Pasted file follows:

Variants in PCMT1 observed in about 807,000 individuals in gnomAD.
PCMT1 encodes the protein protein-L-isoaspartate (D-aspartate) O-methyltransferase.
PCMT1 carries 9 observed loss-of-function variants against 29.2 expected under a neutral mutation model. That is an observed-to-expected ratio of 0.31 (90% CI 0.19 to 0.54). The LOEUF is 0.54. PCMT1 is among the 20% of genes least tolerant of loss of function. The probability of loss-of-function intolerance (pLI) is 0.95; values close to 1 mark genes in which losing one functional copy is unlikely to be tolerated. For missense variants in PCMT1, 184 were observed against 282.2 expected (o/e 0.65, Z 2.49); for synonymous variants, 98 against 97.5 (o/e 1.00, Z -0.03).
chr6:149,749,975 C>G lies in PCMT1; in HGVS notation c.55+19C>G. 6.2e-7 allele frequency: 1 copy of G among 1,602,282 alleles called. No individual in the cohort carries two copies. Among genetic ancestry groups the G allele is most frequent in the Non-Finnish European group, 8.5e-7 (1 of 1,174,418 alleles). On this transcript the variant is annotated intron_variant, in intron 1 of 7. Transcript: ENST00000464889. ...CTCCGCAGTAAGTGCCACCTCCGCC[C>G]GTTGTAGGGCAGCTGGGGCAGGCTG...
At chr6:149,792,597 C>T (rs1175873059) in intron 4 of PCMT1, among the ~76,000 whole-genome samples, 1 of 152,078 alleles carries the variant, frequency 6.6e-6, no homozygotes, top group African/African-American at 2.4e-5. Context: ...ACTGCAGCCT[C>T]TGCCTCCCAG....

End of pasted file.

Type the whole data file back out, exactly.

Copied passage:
Variants in PCMT1 observed in about 807,000 individuals in gnomAD.
PCMT1 encodes the protein protein-L-isoaspartate (D-aspartate) O-methyltransferase.
PCMT1 carries 9 observed loss-of-function variants against 29.2 expected under a neutral mutation model. That is an observed-to-expected ratio of 0.31 (90% CI 0.19 to 0.54). The LOEUF is 0.54. PCMT1 is among the 20% of genes least tolerant of loss of function. The probability of loss-of-function intolerance (pLI) is 0.95; values close to 1 mark genes in which losing one functional copy is unlikely to be tolerated. For missense variants in PCMT1, 184 were observed against 282.2 expected (o/e 0.65, Z 2.49); for synonymous variants, 98 against 97.5 (o/e 1.00, Z -0.03).
chr6:149,749,975 C>G lies in PCMT1; in HGVS notation c.55+19C>G. 6.2e-7 allele frequency: 1 copy of G among 1,602,282 alleles called. No individual in the cohort carries two copies. Among genetic ancestry groups the G allele is most frequent in the Non-Finnish European group, 8.5e-7 (1 of 1,174,418 alleles). On this transcript the variant is annotated intron_variant, in intron 1 of 7. Transcript: ENST00000464889. ...CTCCGCAGTAAGTGCCACCTCCGCC[C>G]GTTGTAGGGCAGCTGGGGCAGGCTG...
At chr6:149,792,597 C>T (rs1175873059) in intron 4 of PCMT1, among the ~76,000 whole-genome samples, 1 of 152,078 alleles carries the variant, frequency 6.6e-6, no homozygotes, top group African/African-American at 2.4e-5. Context: ...ACTGCAGCCT[C>T]TGCCTCCCAG....